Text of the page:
Plain Tiger

Danaus chrysippus (Linnaeus, 1758)

📷:Jeevan Jose (CC)

1 General Information

Danaus chrysippus, also known as the plain tiger, is a medium-sized (roughly the size of an Oreo cookie) butterfly which can be found in many gardens and parks in Singapore. It has orange wings with black borders dotted by white spots. This orange-black-white colour scheme is recognisable from afar, and is probably what gave it the 'tiger' part of its name. A few other 'tigers' can also be found in Singapore, but it is fairly easy to distinguish the plain tiger from its lookalikes.

The plain tiger is not rare nor endangered, and its name can sound boring and 'plain' (hur hur). However, it has interesting relationships with certain toxic plants, and is involved with interactions with other animals, which makes this species worth looking at (it's easy on the eyes as well!).

Distribution & Habitat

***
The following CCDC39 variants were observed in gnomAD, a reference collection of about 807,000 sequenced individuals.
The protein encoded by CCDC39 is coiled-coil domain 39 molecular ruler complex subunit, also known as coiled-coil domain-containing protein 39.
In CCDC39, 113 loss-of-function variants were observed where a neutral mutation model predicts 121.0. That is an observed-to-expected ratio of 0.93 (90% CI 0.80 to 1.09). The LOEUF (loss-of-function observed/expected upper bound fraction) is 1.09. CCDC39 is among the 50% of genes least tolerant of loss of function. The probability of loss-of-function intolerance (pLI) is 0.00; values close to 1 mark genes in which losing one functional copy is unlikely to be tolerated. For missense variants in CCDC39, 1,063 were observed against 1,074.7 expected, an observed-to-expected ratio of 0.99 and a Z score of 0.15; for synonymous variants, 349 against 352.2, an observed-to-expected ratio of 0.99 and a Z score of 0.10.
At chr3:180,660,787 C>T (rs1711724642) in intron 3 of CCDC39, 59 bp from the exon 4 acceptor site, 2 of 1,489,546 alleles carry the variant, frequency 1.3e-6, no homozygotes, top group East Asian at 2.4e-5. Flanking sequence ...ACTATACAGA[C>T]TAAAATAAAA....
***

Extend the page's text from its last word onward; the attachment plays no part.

Only one of the 3 known subspecies of the plain tiger, Danaus chrysippus chrysippus, can be found in Singapore.[1] This subspecies exists in two forms here  the more common form has white upper hindwings while the other has orange ones.[2]

Danaus chrysippus chrysippus form alcippoides with white hindwings. 📷: Chan Jie Yi

Danaus chrysippus chrysippus form chrysippus with orange hindwings. 📷: Viren Vaz (CC)

The plain tiger is almost always found in open areas, like gardens and parks, close to their host plantsThey can easily be found at HortPark, Coney Island and even the Istana Park, right in the middle of a bustling shopping district. Other sightings, recorded by the Global Biodiversity Information Facility (GBIF), are shown in the map below.